Bikes On The Drive

I went to a very interesting meeting last night organized by Sarah Fiorito and a group she has formed called the Commercial Drive Action Group. There were about 40 or more packed into the Britannia boardroom, nearly all of whom were young and active and keen to be cheerleaders for bikes, biking and bike lanes.

Chris Brunlett (the cyclist on Twitter sans paraeil) gave an introductory essay which had a lot to say about alternative uses for streets and sidewalks.  Then Sarah Fiorito, who was well prepared and researched, gave a thorough and well-illustrated presentation.  We then had about an hour of Q&A and discussion.

The admitted purpose of the meeting was to generate political pressure to support those City Councilors (i.e. mainly Vision) who support bike lanes.  It was also to generate a campaign against the BIA and its members that oppose bike lanes.  One fervent disciple even suggested a boycott of businesses that would not support bike lanes; but that wasn’t taken up.  Other suggestions included building parking structures at each end of the Drive — boy, they would be attractive!

There was a messianic fury about it all but, once I raised the issue of the difference between the Drive south and north of First, it became clear that Sarah and her followers, at least, would probably be happy to restrict radical action to the section south of First.  Eliminating two lanes of car traffic was the favourite proposal.

The key phrase they use is a bike lane that is “safe for all ages and skills” which is code for bikes lanes separated from traffic by god-awful ugly concrete blocks.  That’s an issue for me.  If we ever did get a car-free Drive (which would be my long-term preference), those things will be really expensive to remove.  In the meanwhile, they will get in the way of pedestrians crossing the street.

There was some talk of telling the BIA to be in touch with the BIAs where bike lanes have already been launched.  However, the Drive is different from each of those in Vancouver so far: the Drive is a two-way street with bus stops; not a situation faced to date downtown or on Burrard Bridge.

I also have trouble visualizing the design.  As I understand the concept for south of First, the outer lanes on each side would be bike paths, with the next lane for parking, and the third lane for traffic.  If that is so, how do the buses operate?  Are pedestrians forced to cross to the middle of the street to board the bus?  This design seems problematic in spades.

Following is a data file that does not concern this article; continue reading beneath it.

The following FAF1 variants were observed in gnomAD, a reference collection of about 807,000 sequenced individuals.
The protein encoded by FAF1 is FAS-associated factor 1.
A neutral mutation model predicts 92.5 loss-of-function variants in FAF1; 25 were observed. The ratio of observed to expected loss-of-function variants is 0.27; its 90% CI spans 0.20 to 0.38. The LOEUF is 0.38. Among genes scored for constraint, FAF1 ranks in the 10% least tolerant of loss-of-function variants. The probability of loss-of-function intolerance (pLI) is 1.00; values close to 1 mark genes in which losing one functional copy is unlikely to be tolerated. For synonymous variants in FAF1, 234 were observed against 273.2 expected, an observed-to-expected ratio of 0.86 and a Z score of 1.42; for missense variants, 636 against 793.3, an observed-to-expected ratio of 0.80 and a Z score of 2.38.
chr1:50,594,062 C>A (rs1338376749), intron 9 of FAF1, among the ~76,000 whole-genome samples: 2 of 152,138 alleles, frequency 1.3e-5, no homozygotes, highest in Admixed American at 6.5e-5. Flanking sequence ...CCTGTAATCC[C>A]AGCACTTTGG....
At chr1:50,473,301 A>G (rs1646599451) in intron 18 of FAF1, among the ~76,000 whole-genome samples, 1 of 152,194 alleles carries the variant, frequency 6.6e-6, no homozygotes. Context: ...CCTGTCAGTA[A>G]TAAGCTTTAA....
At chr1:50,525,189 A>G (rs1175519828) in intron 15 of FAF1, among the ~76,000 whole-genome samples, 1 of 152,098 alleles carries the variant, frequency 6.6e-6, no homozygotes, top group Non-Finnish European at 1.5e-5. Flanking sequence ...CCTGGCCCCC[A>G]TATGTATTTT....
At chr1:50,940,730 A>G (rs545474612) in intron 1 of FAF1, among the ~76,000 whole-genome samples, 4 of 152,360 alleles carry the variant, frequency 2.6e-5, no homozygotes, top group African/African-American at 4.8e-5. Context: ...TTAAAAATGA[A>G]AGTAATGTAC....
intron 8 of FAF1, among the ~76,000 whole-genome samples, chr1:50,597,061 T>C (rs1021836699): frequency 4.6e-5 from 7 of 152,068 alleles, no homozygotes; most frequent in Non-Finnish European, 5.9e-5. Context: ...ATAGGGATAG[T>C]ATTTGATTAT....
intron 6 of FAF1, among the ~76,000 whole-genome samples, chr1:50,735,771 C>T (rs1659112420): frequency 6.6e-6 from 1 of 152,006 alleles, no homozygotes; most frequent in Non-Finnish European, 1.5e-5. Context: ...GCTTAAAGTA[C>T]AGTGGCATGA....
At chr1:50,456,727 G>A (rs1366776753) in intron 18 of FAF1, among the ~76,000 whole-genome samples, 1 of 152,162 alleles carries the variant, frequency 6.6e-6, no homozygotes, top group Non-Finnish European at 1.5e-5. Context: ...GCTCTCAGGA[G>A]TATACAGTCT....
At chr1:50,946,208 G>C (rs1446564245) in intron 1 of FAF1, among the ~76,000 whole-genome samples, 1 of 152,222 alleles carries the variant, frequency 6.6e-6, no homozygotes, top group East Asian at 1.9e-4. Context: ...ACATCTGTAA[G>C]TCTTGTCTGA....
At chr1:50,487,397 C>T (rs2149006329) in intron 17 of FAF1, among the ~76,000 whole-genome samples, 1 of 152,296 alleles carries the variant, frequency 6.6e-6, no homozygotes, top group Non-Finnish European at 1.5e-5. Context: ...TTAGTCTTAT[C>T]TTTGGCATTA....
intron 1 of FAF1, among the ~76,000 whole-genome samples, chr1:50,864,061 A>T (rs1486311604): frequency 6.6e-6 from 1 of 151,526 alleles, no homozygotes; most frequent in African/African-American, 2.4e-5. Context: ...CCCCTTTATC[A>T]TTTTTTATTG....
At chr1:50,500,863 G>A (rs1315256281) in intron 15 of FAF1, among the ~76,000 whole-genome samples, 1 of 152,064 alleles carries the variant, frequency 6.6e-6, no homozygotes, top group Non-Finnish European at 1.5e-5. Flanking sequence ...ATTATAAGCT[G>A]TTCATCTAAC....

I only decided to go at the very last minute given the snow, but was glad I did in the end.

15 Responses to Bikes On The Drive

  1. Hi Jak… Thanks for attending the meeting. I am disappointed to see you take one off-handed suggestion in a brainstorming session re: a boycott, and blow it up into “a campaign against the BIA and its members that oppose bike lanes”.

    All of the other remarks were around starting a positive dialogue with the BIA and its members, supporting and frequenting bike-friendly merchants, and (perhaps) the establishment of a bike-friendly business district, to encourage people to shop and dine locally:

    Secondly, cycle tracks certainly don’t have to be built using “god-awful ugly concrete blocks”. See Carrall Street as a wonderful example.

    Regardless, I hope you continue to be involved with the group, provide your feedback, and perhaps eventually, your support.

  2. Ken Paquette says:

    Other than the one comment Jak latched onto (that not one other person supported) I did not hear anything at that meeting about a “campaign against the BIA and its members that oppose bike lanes.” What I did hear about was engaging businesses in a dialogue and there was an acknowledgment of the affect losing parking could have on them.

    You view was it was “messianic fury” I heard passion. I’m not sure why you refer to the people there “as Sarah and her followers”, are people who attend GWAC referred to as your followers?

    The use of “messianic and disciple” is belittling and patronizing (treat with an apparent kindness that betrays a feeling of superiority).

    “The key phrase they use is a bike lane that is “safe for all ages and skills” which is code for bikes lanes separated from traffic by god-awful ugly concrete blocks” Assumptions at best.

  3. Drive safe Cyclist says:

    Block the number 20 bus?

    The second busiest in the city of Metros 221 routes with 9.3 million boardings per year.
    Page 29 of 62 pages of

    [ ]

    This gang of cyclists is nuts. Does under 30 explain their blindness.

    And did they mention the Lakewood (2 blocks east and the Woodlands (1 block west of Commerical) established and safe bike routes?

    These infants playing at politics are not looking at the whole picture.

    As it is, any bikes on the outside of a street will crash into any people alighting from a bus.
    Stand on the Drive for an hour or two around 5 pm and watch the cyclists stupid enough to use the the Drive in rush hour rather than Woodlands Drive only a peaceful block away: zip through red lights, ride without helmets, or fixies without brakes, or zoom in and out of pedestrians crossing rather than give way.